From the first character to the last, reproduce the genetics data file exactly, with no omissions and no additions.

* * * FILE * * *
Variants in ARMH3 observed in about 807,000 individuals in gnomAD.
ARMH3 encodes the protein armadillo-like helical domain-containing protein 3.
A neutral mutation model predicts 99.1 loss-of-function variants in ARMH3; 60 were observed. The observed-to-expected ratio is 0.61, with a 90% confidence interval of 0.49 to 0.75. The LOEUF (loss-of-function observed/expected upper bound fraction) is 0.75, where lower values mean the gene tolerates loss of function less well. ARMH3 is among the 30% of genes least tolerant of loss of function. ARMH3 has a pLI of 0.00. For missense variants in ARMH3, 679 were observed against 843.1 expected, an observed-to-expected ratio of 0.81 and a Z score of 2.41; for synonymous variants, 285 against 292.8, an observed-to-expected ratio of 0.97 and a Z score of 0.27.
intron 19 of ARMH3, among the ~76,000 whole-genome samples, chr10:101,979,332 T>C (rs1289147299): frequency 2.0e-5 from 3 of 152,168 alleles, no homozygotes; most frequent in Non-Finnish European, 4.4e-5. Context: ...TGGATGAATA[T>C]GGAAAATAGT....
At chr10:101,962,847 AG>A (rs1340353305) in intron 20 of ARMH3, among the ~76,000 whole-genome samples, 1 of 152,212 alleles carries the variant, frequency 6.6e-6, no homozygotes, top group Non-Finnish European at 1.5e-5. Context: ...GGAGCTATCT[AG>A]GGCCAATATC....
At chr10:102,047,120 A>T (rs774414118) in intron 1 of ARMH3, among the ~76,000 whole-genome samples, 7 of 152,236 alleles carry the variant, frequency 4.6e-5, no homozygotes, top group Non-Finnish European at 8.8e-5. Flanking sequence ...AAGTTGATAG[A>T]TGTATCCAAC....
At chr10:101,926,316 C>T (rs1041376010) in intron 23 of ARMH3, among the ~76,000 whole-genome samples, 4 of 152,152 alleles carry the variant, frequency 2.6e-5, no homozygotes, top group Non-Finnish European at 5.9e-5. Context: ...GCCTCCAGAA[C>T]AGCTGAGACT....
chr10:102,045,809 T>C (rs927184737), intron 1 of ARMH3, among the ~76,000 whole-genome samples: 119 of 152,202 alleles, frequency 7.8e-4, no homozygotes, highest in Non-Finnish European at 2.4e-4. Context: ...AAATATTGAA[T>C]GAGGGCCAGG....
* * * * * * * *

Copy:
Variants in ARMH3 observed in about 807,000 individuals in gnomAD.
ARMH3 encodes the protein armadillo-like helical domain-containing protein 3.
A neutral mutation model predicts 99.1 loss-of-function variants in ARMH3; 60 were observed. The observed-to-expected ratio is 0.61, with a 90% confidence interval of 0.49 to 0.75. The LOEUF (loss-of-function observed/expected upper bound fraction) is 0.75, where lower values mean the gene tolerates loss of function less well. ARMH3 is among the 30% of genes least tolerant of loss of function. ARMH3 has a pLI of 0.00. For missense variants in ARMH3, 679 were observed against 843.1 expected, an observed-to-expected ratio of 0.81 and a Z score of 2.41; for synonymous variants, 285 against 292.8, an observed-to-expected ratio of 0.97 and a Z score of 0.27.
intron 19 of ARMH3, among the ~76,000 whole-genome samples, chr10:101,979,332 T>C (rs1289147299): frequency 2.0e-5 from 3 of 152,168 alleles, no homozygotes; most frequent in Non-Finnish European, 4.4e-5. Context: ...TGGATGAATA[T>C]GGAAAATAGT....
At chr10:101,962,847 AG>A (rs1340353305) in intron 20 of ARMH3, among the ~76,000 whole-genome samples, 1 of 152,212 alleles carries the variant, frequency 6.6e-6, no homozygotes, top group Non-Finnish European at 1.5e-5. Context: ...GGAGCTATCT[AG>A]GGCCAATATC....
At chr10:102,047,120 A>T (rs774414118) in intron 1 of ARMH3, among the ~76,000 whole-genome samples, 7 of 152,236 alleles carry the variant, frequency 4.6e-5, no homozygotes, top group Non-Finnish European at 8.8e-5. Flanking sequence ...AAGTTGATAG[A>T]TGTATCCAAC....
At chr10:101,926,316 C>T (rs1041376010) in intron 23 of ARMH3, among the ~76,000 whole-genome samples, 4 of 152,152 alleles carry the variant, frequency 2.6e-5, no homozygotes, top group Non-Finnish European at 5.9e-5. Context: ...GCCTCCAGAA[C>T]AGCTGAGACT....
chr10:102,045,809 T>C (rs927184737), intron 1 of ARMH3, among the ~76,000 whole-genome samples: 119 of 152,202 alleles, frequency 7.8e-4, no homozygotes, highest in Non-Finnish European at 2.4e-4. Context: ...AAATATTGAA[T>C]GAGGGCCAGG....